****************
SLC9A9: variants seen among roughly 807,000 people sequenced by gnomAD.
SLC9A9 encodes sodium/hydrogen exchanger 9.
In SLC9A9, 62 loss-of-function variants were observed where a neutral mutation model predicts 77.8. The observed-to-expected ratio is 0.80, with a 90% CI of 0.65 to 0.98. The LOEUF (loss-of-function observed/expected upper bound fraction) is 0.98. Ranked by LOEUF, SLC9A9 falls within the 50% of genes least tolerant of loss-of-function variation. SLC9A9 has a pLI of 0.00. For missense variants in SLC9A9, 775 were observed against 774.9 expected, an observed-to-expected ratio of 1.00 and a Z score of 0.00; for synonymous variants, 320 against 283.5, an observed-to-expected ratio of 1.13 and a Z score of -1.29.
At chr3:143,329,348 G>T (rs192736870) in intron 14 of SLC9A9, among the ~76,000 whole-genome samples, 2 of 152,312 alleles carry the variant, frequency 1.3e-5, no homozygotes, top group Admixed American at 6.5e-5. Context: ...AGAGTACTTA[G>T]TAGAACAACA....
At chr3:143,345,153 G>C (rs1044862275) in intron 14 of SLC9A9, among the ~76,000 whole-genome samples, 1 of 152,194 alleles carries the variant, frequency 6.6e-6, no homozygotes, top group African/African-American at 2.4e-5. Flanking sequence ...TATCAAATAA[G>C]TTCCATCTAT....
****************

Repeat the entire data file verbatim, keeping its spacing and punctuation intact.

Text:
SLC9A9: variants seen among roughly 807,000 people sequenced by gnomAD.
SLC9A9 encodes sodium/hydrogen exchanger 9.
In SLC9A9, 62 loss-of-function variants were observed where a neutral mutation model predicts 77.8. The observed-to-expected ratio is 0.80, with a 90% CI of 0.65 to 0.98. The LOEUF (loss-of-function observed/expected upper bound fraction) is 0.98. Ranked by LOEUF, SLC9A9 falls within the 50% of genes least tolerant of loss-of-function variation. SLC9A9 has a pLI of 0.00. For missense variants in SLC9A9, 775 were observed against 774.9 expected, an observed-to-expected ratio of 1.00 and a Z score of 0.00; for synonymous variants, 320 against 283.5, an observed-to-expected ratio of 1.13 and a Z score of -1.29.
At chr3:143,329,348 G>T (rs192736870) in intron 14 of SLC9A9, among the ~76,000 whole-genome samples, 2 of 152,312 alleles carry the variant, frequency 1.3e-5, no homozygotes, top group Admixed American at 6.5e-5. Context: ...AGAGTACTTA[G>T]TAGAACAACA....
At chr3:143,345,153 G>C (rs1044862275) in intron 14 of SLC9A9, among the ~76,000 whole-genome samples, 1 of 152,194 alleles carries the variant, frequency 6.6e-6, no homozygotes, top group African/African-American at 2.4e-5. Flanking sequence ...TATCAAATAA[G>C]TTCCATCTAT....